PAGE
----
Talker Overlap
This is the problem that occurs when one party cuts off the
other partys speech because of the long delay.
G.114 provides the following guidelines regarding the one-
way delay limit:
0 to 150 ms Acceptable for most user application.
150 to 400 ms Acceptable provided that Administrations are
aware of the transmission time impact on the transmission
quality.
Above 400 ms Unacceptable for general network planning
purposes.
Delay Variation (Jitter)
When frames are transmitted through an IP network, the
amount of delay experienced by each frame may differ. This is
because the amount of queuing delay and processing time can
vary depending on the overall load in the network.
Even though the source gateway generates voice frames at
regular intervals (say, every 20 ms ), the destination gateway
will typically not receive voice frames at regular intervals
because of jitter.
In general, jitter will result in clumping and gaps in the
incoming data stream.
The general strategy in dealing with jitter is to hold the
incoming frames in a play out buffer long enough to allow the
slowest frames to arrive in time to be played in the correct
sequence.
Delay Variation (Jitter)
The larger the amount of jitter, the longer some of the frames
will be held in the buffer, which introduces additional delay.
To minimize the delay due to buffering, most implementations
use an adaptive jitter buffer. In other words, if the amount of
jitter in the network is small, the buffer size will be small. If the
jitter increases due to increased network load, the buffer size
will increase automatically to compensate for it. Therefore,
jitter in the network will impair voice quality to the extent that
it increases the end-to-end delay due to the play out buffer.
Some times when the jitter is too large, the play out buffer may
choose to allow some frame loss to keep the additional delay
from getting too long.
Delay Variation (Jitter)
Delay Budget
Delay Budget
We assume that the voice gateways are connected via a VPN
service offered by an ISP. Assume an end-to-end delay target of
150 ms:
G723.1 (algorithmic delay) 37.5
G723.1 (processing delay) 30.0
Total gateway delay 67.5
Internet delay limit = 150 67.5 = 82.5 ms.
The delay introduced by the ISP must not exceed 82.5 ms.
This represents both the fixed and variable delays.
In other words, the minimum delay along the VPN path might
be 50 ms. The maximum jitter that the system can tolerate will
be 32.5 ms, which will be compensated by the play out buffer.
Packet Loss
Packet loss occurs for many reasons, and in some cases, is
unavoidable:
Network congestion , routers and switches can overflow
their queue buffers and be forced to discard packets.
Packet loss can result from excess latency, where a group of
packets arrives late and must be discarded in favor of newer
ones.
It can also be the result of jitter, that is, when a packet
arrives after its surrounding packets have been flushed from
the buffer, making the received packet useless.
Real-time applications based on the UDP are significantly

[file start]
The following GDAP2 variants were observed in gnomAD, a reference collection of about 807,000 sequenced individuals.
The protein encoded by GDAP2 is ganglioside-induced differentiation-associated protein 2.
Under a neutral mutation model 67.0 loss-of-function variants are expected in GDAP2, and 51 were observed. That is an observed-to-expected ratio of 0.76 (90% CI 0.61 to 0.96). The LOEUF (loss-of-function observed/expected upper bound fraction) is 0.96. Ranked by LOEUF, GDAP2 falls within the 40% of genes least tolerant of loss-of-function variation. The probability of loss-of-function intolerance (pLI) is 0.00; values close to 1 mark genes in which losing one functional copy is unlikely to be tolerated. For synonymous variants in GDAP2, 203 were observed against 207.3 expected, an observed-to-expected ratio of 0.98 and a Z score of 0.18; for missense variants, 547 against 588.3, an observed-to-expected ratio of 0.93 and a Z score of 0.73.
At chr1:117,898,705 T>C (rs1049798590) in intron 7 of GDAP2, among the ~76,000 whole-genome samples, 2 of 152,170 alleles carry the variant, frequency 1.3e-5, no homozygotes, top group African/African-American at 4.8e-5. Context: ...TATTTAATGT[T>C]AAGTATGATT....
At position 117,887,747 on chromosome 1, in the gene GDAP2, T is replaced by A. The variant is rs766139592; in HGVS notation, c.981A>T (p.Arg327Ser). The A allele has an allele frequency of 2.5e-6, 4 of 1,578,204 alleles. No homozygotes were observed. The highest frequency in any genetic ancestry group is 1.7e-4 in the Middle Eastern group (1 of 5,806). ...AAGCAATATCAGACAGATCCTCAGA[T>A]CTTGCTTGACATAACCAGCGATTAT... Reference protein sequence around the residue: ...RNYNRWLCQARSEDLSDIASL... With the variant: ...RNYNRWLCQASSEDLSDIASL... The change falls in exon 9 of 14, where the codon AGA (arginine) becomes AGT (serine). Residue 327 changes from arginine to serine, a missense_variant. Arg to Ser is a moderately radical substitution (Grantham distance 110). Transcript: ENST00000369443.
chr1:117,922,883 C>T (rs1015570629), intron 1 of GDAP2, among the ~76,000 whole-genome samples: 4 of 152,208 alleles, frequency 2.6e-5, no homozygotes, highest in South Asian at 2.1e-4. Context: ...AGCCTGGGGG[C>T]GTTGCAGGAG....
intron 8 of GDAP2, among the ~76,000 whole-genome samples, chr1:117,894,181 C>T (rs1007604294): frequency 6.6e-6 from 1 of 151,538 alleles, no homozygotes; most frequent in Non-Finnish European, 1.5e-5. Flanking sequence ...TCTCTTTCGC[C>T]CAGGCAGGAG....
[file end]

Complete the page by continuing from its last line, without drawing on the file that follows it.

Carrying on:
less tolerant to packet loss. UDP does not have
retransmission facilities, however, retransmissions would
almost never help.
Packet Loss
Packet loss up to 5% can be tolerated with VOIP traffic
encoded with G.711.
Greater payload compression rates resulted in a higher
sensitivity to packet loss ( 1-3% for voice compression on
an 8kbps stream).
It is important that bearer and signaling packets are not
discarded, otherwise, voice quality or service disruptions
might occur.
Class of Service (CoS) mechanisms become very
important.
Packets of greater importance are giving a higher priority in
the network, thus ensuring packet delivery for critical
applications, even during times of network congestion.
Class of Service
Packet Classification
To guarantee bandwidth for VoIP packets, a network device
must be able to identify VoIP packets in all the IP traffic flowing
through it. Network devices use the source and destination IP
address in the IP header or the source and destination User
Datagram Protocol (UDP) port numbers in the UDP header to
identify VoIP packets. This identification and grouping process
is called classification and it is the basis for providing any QoS.
Packet classification can be processor-intensive, so it should
occur as far out toward the edge of the network as possible.
Because every hop still needs to make a determination on the
treatment a packet should receive, you need to have a simpler,
more efficient classification method in the network core. This
simpler classification is achieved through marking or setting the
type of service (ToS) byte in the IP header.
Packet Classification
IP Precedence bits
The three most significant bits of the ToS byte in the IP header.
Differentiated Services Code Point (DSCP)
The six most significant bits of the ToS byte in the IP header.
Packet Classification
Differentiated Services Code Point (DSCP)
The first three bits of the DSCP are used as class selector
bits, the class selector bits makes DSCP compatible with IP
Precedence.
The next two bits are used to define drop preference.
if the traffic in Class 4 (the first three bits are 100) exceeds a
certain contracted rate, the excess packets could be re-
marked so that the drop preference is raised instead of
being dropped.
If congestion occur , the first packets to be dropped would
be the "high drop preference" packets.
The sixth bit must be set to 0 to indicate to the network
devices that the classes have been set according to the DS
standard.
Packet Classification
Differentiated Services Code Point (DSCP)
Best-effort class - Class selector bits set to 000